Quick thoughts: Despite overflowing with rich motifs and emotional themes, I couldn’t shake the feeling that this book was often holding back a true profundity that continually seemed to lurk just beneath the surface.
The Imposter Bride met an unfair barrage of preconceived biases from me before I even picked up the book, and I feel the need to begin my review of this Giller shortlist nominee with a brief outline of the hurdles I had placed before it. First of all, our copy was purchased by my wife, who had recently hit what appeared to be a title fad. Her recent purchases had included The Tiger’s Wife, The Soldier’s Wife and The Paris Wife, and The Imposter Bride felt like another in a long string of similar titles, already awash with the taint mediocrity before a word had been read. Secondly, there is no escaping the shadow cast by Mordecai Richler when the author not only shares the same last name (they are apparently second cousins), but also writes a story set in the same Jewish enclave in post-war Montreal that his novels so thoroughly inhabit.
In many ways, this novel found wings of its own and soared well above these impediments of my own creating. The story hinges on a Polish Jew named Lily Azerov, who purchases her post-Holocaust asylum in Canada by means of an ethically questionable arranged wedding. Her past is shrouded in mystery, and even her name is a lie. The narrative skips straight from the wedding to Lily’s six-year old daughter, Ruth, where we find out that Lily left her husband and newborn daughter without having made any effort to contact them since. The tale becomes a generational inquiry into origin and belonging as we follow the stories of mother, daughter and paternal grandmother over the course of fifty years in a effort to find some understanding or closure.
My reading notes spanned pages as I glutted myself on the richness of thematic exploration. I can’t begin to convey in a brief review the many ways in which names and the convention of naming was woven into the narrative, to the point of using scriptural begats and begots to fold names into the concept of human origins and a sense of familial lineage. The false name of Lily Azerov, the stories behind the naming of various characters, why G-d is unnameable, how geographical places are often named to evoke a description—these are all woven into a thematic exploration that vastly exceeded my expectations.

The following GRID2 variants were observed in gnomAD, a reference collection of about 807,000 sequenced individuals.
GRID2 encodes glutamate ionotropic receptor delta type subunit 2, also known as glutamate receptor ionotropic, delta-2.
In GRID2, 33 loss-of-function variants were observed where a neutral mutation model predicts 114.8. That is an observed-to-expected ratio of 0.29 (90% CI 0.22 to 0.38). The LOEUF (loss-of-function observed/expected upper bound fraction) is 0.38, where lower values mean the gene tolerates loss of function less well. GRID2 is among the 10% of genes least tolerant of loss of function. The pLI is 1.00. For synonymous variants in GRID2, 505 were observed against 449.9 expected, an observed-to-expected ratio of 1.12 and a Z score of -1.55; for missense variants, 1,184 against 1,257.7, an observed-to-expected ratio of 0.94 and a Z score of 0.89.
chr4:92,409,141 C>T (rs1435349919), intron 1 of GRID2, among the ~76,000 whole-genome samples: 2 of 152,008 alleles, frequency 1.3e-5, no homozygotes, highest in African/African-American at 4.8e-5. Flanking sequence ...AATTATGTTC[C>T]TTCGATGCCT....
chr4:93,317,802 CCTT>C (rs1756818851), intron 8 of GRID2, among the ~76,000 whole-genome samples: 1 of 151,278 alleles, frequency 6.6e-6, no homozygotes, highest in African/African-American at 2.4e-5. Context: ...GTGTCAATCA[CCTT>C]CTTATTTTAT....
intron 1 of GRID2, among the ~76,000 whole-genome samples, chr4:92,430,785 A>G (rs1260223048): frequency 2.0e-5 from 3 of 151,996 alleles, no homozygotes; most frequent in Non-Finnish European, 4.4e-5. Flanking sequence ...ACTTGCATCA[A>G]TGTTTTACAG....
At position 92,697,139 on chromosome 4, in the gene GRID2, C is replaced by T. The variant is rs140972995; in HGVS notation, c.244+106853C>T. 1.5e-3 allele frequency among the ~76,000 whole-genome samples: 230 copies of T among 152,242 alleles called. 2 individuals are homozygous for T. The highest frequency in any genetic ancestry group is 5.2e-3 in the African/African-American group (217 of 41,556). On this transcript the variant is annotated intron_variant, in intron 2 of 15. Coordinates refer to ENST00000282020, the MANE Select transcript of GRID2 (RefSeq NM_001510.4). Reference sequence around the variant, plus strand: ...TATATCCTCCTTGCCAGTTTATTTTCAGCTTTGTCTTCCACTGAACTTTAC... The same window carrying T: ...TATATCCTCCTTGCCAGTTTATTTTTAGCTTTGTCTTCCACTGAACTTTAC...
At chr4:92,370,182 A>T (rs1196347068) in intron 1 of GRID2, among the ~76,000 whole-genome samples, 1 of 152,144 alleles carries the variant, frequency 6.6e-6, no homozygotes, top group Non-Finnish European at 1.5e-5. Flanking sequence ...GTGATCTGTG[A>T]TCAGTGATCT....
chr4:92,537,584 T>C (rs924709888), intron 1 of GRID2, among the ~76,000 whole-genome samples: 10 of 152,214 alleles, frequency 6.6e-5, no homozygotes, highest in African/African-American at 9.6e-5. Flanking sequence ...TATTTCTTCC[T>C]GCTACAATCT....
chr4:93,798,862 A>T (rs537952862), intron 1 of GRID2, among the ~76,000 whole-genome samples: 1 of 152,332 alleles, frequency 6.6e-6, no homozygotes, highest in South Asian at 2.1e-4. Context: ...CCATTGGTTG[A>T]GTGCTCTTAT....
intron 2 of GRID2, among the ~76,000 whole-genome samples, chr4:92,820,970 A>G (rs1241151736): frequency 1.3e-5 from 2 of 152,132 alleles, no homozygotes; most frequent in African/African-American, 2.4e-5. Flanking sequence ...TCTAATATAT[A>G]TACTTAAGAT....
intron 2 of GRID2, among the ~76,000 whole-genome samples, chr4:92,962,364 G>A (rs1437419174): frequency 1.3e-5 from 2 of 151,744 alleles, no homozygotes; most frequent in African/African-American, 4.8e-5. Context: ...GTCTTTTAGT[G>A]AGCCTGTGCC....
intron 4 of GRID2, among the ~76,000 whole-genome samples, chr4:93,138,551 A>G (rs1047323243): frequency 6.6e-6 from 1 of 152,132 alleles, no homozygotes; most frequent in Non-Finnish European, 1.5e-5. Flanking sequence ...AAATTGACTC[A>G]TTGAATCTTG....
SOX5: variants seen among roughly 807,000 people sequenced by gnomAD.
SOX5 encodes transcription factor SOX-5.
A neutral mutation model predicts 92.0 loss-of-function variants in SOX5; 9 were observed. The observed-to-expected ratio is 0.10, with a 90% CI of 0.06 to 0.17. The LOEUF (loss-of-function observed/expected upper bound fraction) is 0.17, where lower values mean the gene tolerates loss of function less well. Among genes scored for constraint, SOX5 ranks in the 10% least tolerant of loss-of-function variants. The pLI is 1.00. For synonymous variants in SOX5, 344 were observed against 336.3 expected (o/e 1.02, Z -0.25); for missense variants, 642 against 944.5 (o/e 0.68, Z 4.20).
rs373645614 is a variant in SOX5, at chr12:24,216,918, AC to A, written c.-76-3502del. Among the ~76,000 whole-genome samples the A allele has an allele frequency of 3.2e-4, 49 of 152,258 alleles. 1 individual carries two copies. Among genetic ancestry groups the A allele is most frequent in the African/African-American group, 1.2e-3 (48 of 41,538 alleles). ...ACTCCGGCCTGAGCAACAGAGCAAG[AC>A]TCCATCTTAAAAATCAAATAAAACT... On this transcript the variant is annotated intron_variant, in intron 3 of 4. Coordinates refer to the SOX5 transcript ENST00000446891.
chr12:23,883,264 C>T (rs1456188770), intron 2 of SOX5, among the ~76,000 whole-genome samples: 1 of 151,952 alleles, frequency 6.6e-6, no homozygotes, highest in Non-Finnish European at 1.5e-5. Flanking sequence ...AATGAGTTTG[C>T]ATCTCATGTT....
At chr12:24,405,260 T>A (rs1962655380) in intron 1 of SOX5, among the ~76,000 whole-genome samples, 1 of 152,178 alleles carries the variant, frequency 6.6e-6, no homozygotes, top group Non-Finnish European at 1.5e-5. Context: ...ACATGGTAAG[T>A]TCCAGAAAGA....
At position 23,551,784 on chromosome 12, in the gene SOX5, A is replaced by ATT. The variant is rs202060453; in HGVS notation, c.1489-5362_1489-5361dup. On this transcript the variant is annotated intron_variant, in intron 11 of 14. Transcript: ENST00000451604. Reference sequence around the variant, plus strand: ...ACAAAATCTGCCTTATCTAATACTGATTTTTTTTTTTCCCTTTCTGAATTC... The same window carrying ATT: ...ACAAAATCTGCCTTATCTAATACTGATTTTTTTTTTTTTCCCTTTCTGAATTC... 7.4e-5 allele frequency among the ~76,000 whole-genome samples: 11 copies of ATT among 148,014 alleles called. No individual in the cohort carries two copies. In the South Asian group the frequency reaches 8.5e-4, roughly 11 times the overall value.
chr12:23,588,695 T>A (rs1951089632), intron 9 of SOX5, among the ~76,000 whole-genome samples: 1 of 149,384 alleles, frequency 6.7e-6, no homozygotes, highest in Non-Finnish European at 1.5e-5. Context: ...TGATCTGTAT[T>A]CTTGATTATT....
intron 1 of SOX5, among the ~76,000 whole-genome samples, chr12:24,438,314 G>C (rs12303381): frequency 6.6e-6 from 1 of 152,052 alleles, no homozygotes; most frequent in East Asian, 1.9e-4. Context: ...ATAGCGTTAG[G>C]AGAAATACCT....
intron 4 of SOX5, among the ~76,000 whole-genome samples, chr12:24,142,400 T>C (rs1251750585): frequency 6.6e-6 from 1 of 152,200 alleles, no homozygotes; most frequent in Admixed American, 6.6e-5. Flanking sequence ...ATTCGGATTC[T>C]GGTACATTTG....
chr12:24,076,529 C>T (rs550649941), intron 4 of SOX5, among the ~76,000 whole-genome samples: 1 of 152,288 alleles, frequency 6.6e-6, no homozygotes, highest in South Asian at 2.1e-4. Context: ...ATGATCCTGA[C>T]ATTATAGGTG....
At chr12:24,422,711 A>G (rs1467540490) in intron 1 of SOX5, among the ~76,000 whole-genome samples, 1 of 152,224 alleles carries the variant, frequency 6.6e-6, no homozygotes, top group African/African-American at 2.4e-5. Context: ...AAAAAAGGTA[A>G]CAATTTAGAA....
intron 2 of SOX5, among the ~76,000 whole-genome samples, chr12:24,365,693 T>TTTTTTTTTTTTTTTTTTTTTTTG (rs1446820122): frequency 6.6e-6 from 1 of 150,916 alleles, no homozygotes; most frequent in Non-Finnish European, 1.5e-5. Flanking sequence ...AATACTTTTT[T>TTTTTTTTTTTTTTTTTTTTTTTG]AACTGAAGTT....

Questions bordering on philosophy are also asked of the characters’ actions. Is withholding information the same as lying, especially when the intent is to protect someone you love? Is taking the possessions of victims of war considered stealing if they are dead? Where is the line drawn between looking for answers and invading a person’s privacy?
Even the metaphors were stunning in their application. Ruth hears her mother described as a shattered person, and her only concept of the word comes from a memory of a china teacup hitting the floor. The teacup was tenderly restored to some sense of it’s original form, but it was now too weak and fragile to perform the function of holding water for which it was created. That image alone was worth the time spent reading the book.
And yet, there was always something holding me back. At first I thought it might be the narrative style, because it jumps between times and even voices, flipping midstream from inside one character’s head to another’s without warning. The explanation I’m favouring after finishing the book, however, is more that of feeling like many punches were pulled. There were several instances, for example, where everything was pointing toward some minor character being homosexual. I’m always the one who misses such allusions or suggestions, so when I’m actually seeing a gay subtext it usually possesses all the subtlety of a blunt weapon. When my assumptions proved to be unfounded, I wasn’t sure what to make of it. It’s not that the author didn’t broach the topic, as there is a passing reference to homosexuality at the end. It just felt like there was something screaming beneath the words at times that was simply left unsaid.
There is one scene in the book where a character sees her destiny with the firm conviction of a Hebrew prophet of old, yet that destiny never comes to pass. In many ways, that is my lingering impression of The Imposter Bride. At times it seems possessed with the inevitability of its own destiny, yet the promise that seemed so certain at points never quite reached the fulfilment for which I was hoping.
See what some other bloggers have to say:
Buried in Print: “The pulse that Nancy Richler’s novel emits is a powerful one; it reads easily (like Ami McKay’s The Birth House, Lilian Nattal’s The River Midnight, Donna Morrissey’s Kit’s Law) but the story settles heavily in the reader’s heart.”
Jules’ Book Reviews: “…I found there wasn’t…anything to catch my attention and want to keep reading. I found it to be like all the other books out there with similar plots. It felt like I’ve read the story before, which made it easy to drift off while reading the book.”
Curled Up With a Good Book and a Cup of Tea: “The Imposter Bride, by Nancy Richler, is an incredible novel full of mystery, heartache, love and longing. From the first page I was drawn into the story and mystery of Lily Azerov and I didn’t want to put it down until all of the questions were answered.”
KevinfromCanada: “The Imposter Bride may well be quite a good book but I am afraid I can no longer tell since so many elements of it kept overlapping with others I have read recently.”